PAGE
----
For I thought that a setting like “f/8” was for darker, cloudier days?

    I really find these concepts difficult to follow. Please break it down to me like I’m 12 years old (without being condescending).


  4. stopshootingauto

    Brian, I’ve never used a 4×5 camera, so I can only make some educated guesses.

    The sunny f/16 rule says that on a bright summer day, if you set your aperture to f/16, your shutter speed should be 1/ISO. So if you’re using ISO 400, at f/16 you would use 1/400.

    As for reciprocal settings, let me see if I can explain by example. Let’s take your example above, where f/16 and 1/400 would create a correctly-exposed photo. What if you want to use f/8 instead of f/16? Well, f/8 is a larger opening than f/16. In fact, it’s two stops wider, so it lets in four times as much light.

    If f/8 lets in four times as much light as f/16, then you need to compensate by keeping the shutter open for a shorter period of time. In fact, you need to keep the shutter open 1/4 as long as you would at f/16. So at f/8, you would use 1/1600 for the shutter speed.

    Neither aperture nor shutter speed stand alone. In the same situation, if one changes then the other one has to stay constant. You said, “I thought that a setting like f/8 was for darker, cloudier days.” Well, it’s a good starting point for darker days. If f/16 and 1/400 is the right setting on a sunny day, then f/8 and 1/400 might be the right setting on a cloudy day. However, f/4 and 1/800 would get you the same exposure, as would f/16 and 1/100.

    In summary, start by keeping one of the three things constant. In these examples, ISO is constant. If the aperture goes down by one stop, the shutter speed needs to go up by one stop. If the aperture goes up by one stop, then the shutter speed needs to go down by one stop.

    Does that help?

  5. Hi,

    Thanks so much for creating these tutorials! I’ve been reading so much jargon I’d started to lose the motivation to try – everything was so confusing and I was tired of just getting lucky every so often and not understanding how I had actually created a shot.

    I’m due to start a part-time photography course tomorrow and was freaking out (as I joined the more advanced class by accident – don’t ask!)but after reading through your tutorials I feel more confident about walking in.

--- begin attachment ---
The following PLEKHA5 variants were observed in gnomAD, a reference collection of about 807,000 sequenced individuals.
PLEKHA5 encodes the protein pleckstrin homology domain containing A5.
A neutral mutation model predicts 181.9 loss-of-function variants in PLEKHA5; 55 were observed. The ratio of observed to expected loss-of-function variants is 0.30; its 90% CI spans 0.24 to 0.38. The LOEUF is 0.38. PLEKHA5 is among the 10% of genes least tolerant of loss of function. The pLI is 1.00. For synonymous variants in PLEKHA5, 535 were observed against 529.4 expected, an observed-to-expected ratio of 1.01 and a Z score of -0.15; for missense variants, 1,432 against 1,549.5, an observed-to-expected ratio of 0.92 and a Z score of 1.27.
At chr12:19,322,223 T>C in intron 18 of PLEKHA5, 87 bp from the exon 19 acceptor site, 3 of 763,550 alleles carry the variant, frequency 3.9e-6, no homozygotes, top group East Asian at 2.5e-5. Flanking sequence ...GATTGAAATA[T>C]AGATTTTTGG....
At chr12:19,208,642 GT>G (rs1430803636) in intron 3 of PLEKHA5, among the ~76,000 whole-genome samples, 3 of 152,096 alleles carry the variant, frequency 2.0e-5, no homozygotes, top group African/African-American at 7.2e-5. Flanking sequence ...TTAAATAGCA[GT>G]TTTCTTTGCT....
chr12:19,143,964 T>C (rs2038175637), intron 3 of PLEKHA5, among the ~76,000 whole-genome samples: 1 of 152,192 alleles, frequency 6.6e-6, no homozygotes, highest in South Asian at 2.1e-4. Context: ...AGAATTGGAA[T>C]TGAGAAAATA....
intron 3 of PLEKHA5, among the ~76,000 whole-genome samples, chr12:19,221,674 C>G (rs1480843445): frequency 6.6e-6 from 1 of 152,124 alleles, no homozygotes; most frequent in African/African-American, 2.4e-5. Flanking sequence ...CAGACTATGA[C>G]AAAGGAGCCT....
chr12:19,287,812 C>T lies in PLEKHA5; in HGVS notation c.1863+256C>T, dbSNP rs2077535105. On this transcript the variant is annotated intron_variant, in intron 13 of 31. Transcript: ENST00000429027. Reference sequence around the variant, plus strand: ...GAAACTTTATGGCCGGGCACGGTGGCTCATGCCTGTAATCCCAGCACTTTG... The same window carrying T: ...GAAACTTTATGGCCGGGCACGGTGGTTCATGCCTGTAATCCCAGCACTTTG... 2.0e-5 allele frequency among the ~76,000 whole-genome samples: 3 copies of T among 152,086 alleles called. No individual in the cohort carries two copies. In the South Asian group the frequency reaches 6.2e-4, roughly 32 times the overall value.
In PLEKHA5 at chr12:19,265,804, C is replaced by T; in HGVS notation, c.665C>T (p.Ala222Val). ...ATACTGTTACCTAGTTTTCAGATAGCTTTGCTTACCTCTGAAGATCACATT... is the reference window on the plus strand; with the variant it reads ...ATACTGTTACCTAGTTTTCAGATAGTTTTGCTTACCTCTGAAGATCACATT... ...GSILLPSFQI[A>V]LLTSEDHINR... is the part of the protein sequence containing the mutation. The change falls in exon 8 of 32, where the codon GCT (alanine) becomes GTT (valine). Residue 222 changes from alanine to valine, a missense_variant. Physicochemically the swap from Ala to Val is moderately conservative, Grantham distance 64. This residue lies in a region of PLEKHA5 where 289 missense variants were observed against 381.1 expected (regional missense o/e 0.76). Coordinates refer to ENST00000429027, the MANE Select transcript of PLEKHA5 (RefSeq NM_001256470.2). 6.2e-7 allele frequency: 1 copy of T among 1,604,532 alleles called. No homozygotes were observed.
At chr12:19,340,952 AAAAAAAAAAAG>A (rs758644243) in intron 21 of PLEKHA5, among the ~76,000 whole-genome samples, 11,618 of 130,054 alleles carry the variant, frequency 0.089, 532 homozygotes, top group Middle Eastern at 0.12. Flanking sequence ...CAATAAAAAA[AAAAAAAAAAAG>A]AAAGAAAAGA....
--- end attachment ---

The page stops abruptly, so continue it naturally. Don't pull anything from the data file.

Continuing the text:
I don’t even have a clue how I ended up finding your site but it’s been an absolute godsend, definitely ‘favourited’! You’ve made SLR photography really accessible- so thank you loads :-D

    Jojo (Glasgow!)

    • stopshootingauto

      Yay! Good luck with the class.

      I was flipping through your photo stream and noticed that you have a lot of vignetting in your recent photos. Is that a deliberate effect, or is it an artifact of the lens that you’re using?

  6. Hi,

    The class went really well – it turned out to not be the scary advanced class I’d thought it was, lots of people with similar ability, in fact a great mix so I’m looking forward to next week!

    Ha, the old vignetting..I’m afraid its nothing more than me getting vignette-happy after learning it from a tutorial. I actually think I’ve overdone it in a few photos but it’s part of the learning curve I guess!

    Jo :-)

  7. Daniel


    I just wanted to shout out and say thanks (even though I’m about 2,5 years late haha), your guide has been very useful for me as an amateur. I’ve really learned a lot, and I’m sure this is gonna come in very handy when I’m going for better pictures this year around while skiing in Sweden. THANKS!

    • stopshootingauto

      Lots of snow is going to cause your camera to want to underexpose your subjects. There are several ways to compensate for that (manual mode, exposure compensation, spot metering), so play around with a few test shots early on and pick what works best for you.

  8. Robyn Regan

    wow….I needed to find you today..xxxxxxxxxxxxxxx Thank you so much. Finally can take a decent photo without the blow outs!!!

  9. Lea